Republican budget nerds reviewing the latest reconciliation bill still believe they can knock out certain provisions. On Thursday, for the latest episode of the Playbook Deep Dive podcast, we sat down with two of the party’s leading experts on the process: Eric Ueland, who spent 25 years in the Senate, including as staff director of the Budget Committee, and lobbyist Greg D’Angelo, who spent nearly a decade on the committee. Both men were intimately involved with drafting language for reconciliation bills in the Trump years — including the successful effort to use reconciliation to open the Arctic National Wildlife Refuge to oil drilling and ending the individual mandate in Obamacare.
The fight over the individual mandate is instructive. MacDonough rejected the original GOP plan to repeal the legal requirement to have coverage, which she argued ran afoul of reconciliation rules because the policy effect of repeal outweighed any budgetary effect, one of the core tests of what’s allowed in a reconciliation bill. Democrats thought they had won the fight. But D’Angelo returned to MacDonough with a new idea: Rather than eliminating the mandate, what if they simply eliminated the tax penalty used to enforce it? MacDonough agreed that keeping the mandate on the books but dialing the penalty down to zero was within the rules. (Her guidance on the issue led to a heated exchange behind closed doors when Democratic staff learned of what they perceived as her reversal.)
In the current Byrd Bath debate, D’Angelo said he “would focus like a laser” on three policies.
1. The drug negotiation price setting program in the Democratic bill. The policy allows Medicare to negotiate prescription drug prices, which would bring costs down for beneficiaries. To expand those savings to Americans outside of Medicare, pharmaceutical companies would have to offer prescription drugs to private insurers at the Medicare prices or face a 95 percent excise tax.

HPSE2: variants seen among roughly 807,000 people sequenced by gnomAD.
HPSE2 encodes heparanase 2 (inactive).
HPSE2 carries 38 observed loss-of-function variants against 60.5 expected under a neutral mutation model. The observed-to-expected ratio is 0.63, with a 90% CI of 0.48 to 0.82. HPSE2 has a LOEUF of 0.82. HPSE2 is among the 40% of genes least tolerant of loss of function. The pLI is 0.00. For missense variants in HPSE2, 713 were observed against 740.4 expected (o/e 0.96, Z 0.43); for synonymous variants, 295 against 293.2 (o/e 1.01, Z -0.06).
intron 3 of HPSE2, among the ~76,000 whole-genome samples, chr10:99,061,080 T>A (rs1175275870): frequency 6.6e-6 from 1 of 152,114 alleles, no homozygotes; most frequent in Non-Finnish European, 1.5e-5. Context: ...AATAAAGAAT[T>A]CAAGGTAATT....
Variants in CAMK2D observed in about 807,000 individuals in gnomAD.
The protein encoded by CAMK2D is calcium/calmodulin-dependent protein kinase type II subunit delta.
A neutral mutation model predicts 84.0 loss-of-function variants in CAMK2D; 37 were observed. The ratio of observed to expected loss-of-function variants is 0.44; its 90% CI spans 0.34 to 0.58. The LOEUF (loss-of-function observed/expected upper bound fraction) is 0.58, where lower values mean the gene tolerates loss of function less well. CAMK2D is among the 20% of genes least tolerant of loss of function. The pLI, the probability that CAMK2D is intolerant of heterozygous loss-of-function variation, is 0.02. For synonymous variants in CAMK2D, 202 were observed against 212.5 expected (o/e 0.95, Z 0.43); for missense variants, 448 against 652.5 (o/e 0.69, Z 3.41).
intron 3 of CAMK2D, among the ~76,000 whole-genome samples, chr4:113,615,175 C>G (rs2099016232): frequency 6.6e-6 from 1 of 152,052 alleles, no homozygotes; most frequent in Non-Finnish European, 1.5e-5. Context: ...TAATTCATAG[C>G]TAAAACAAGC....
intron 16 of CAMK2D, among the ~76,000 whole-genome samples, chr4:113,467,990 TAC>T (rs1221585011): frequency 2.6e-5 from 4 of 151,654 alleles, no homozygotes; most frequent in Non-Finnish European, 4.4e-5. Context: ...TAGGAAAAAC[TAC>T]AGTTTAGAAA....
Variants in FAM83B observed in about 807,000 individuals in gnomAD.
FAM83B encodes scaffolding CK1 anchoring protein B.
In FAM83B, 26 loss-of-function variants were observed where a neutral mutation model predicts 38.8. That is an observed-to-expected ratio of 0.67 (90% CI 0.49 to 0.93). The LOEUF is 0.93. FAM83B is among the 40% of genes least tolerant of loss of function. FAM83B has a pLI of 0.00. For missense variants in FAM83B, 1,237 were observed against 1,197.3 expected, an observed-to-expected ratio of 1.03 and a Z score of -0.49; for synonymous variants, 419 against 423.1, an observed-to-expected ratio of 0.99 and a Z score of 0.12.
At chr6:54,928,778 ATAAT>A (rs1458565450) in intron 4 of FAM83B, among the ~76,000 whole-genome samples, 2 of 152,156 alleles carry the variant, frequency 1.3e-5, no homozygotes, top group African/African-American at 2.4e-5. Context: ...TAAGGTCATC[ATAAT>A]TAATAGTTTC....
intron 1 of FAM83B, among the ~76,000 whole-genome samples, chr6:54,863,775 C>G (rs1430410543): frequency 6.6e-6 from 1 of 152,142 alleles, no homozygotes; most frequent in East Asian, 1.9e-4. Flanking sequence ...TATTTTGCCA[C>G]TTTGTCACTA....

“It’s a tax penalty that raises no federal revenue,” D’Angelo said. “I.E. has no budget effect, and it appears designed solely for the purpose and intent of altering behavior: forcing drug makers to the table. So I’d argue it’s not budgetary.”
If MacDonough can be convinced that it’s “merely incidental to the policy motive of forcing manufacturers to the table,” then she could strike it. (Democrats say they are confident the policy will survive any challenges.)
2. The repeal of the Trump administration’s drug rebate rule. “Questions are raised about whether it’s appropriate to come in and in a single sentence, repeal a 300-page regulation, whole cloth,” D’Angelo said. “That’s a huge policy element to it, despite the huge budgetary effect.”
3. Forcing rebates on drug makers that raise prices faster than inflation. “It has sweeping effects with huge costs that are huge policy changes,” he said.
In this GOP Byrd Bath dream scenario, each domino would bring the bill closer to collapse. Each of these three policies has savings of about $100 million. “If you can knock out one of those or even a portion of those, you dramatically reduce the savings that are projected under this bill,” D’Angelo said. “And I think it complicates the deal that the majority appears to have struck.” (Sen. Joe Manchin (D-W.Va.) has insisted on $300 billion in deficit reduction.)
Ueland added: “If enough of these are knocked out or modified, then suddenly you’re skirting the edge of not reducing the deficit.”
The timing: MacDonough’s rulings on the prescription drug provisions of the bill could come as early as today, per Burgess and Marianne.